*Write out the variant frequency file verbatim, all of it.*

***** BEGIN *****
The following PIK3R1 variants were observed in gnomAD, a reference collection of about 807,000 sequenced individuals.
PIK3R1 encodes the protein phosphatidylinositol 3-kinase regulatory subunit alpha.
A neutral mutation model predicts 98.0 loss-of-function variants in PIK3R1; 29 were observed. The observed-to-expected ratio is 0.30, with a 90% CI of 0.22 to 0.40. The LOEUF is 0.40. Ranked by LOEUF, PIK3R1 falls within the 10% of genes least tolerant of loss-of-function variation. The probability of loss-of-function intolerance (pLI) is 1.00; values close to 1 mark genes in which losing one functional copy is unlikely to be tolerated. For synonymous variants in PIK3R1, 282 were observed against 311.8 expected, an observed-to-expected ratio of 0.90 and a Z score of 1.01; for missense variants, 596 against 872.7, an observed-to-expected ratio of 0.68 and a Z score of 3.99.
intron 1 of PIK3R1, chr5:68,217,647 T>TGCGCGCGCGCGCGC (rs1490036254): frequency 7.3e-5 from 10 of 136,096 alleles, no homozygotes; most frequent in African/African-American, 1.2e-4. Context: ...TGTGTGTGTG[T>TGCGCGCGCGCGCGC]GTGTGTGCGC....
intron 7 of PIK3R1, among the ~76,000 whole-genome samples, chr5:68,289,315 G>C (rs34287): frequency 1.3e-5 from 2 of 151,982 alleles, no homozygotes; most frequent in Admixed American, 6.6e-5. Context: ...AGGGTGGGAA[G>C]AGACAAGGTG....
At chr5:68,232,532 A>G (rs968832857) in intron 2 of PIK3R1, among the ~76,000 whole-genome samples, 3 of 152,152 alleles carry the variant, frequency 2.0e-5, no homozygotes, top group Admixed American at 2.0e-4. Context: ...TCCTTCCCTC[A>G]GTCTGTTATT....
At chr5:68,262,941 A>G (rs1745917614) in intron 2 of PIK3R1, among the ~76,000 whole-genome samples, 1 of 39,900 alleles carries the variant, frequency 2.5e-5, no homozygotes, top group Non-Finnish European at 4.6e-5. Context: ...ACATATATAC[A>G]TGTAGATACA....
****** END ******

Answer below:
The following PIK3R1 variants were observed in gnomAD, a reference collection of about 807,000 sequenced individuals.
PIK3R1 encodes the protein phosphatidylinositol 3-kinase regulatory subunit alpha.
A neutral mutation model predicts 98.0 loss-of-function variants in PIK3R1; 29 were observed. The observed-to-expected ratio is 0.30, with a 90% CI of 0.22 to 0.40. The LOEUF is 0.40. Ranked by LOEUF, PIK3R1 falls within the 10% of genes least tolerant of loss-of-function variation. The probability of loss-of-function intolerance (pLI) is 1.00; values close to 1 mark genes in which losing one functional copy is unlikely to be tolerated. For synonymous variants in PIK3R1, 282 were observed against 311.8 expected, an observed-to-expected ratio of 0.90 and a Z score of 1.01; for missense variants, 596 against 872.7, an observed-to-expected ratio of 0.68 and a Z score of 3.99.
intron 1 of PIK3R1, chr5:68,217,647 T>TGCGCGCGCGCGCGC (rs1490036254): frequency 7.3e-5 from 10 of 136,096 alleles, no homozygotes; most frequent in African/African-American, 1.2e-4. Context: ...TGTGTGTGTG[T>TGCGCGCGCGCGCGC]GTGTGTGCGC....
intron 7 of PIK3R1, among the ~76,000 whole-genome samples, chr5:68,289,315 G>C (rs34287): frequency 1.3e-5 from 2 of 151,982 alleles, no homozygotes; most frequent in Admixed American, 6.6e-5. Context: ...AGGGTGGGAA[G>C]AGACAAGGTG....
At chr5:68,232,532 A>G (rs968832857) in intron 2 of PIK3R1, among the ~76,000 whole-genome samples, 3 of 152,152 alleles carry the variant, frequency 2.0e-5, no homozygotes, top group Admixed American at 2.0e-4. Context: ...TCCTTCCCTC[A>G]GTCTGTTATT....
At chr5:68,262,941 A>G (rs1745917614) in intron 2 of PIK3R1, among the ~76,000 whole-genome samples, 1 of 39,900 alleles carries the variant, frequency 2.5e-5, no homozygotes, top group Non-Finnish European at 4.6e-5. Context: ...ACATATATAC[A>G]TGTAGATACA....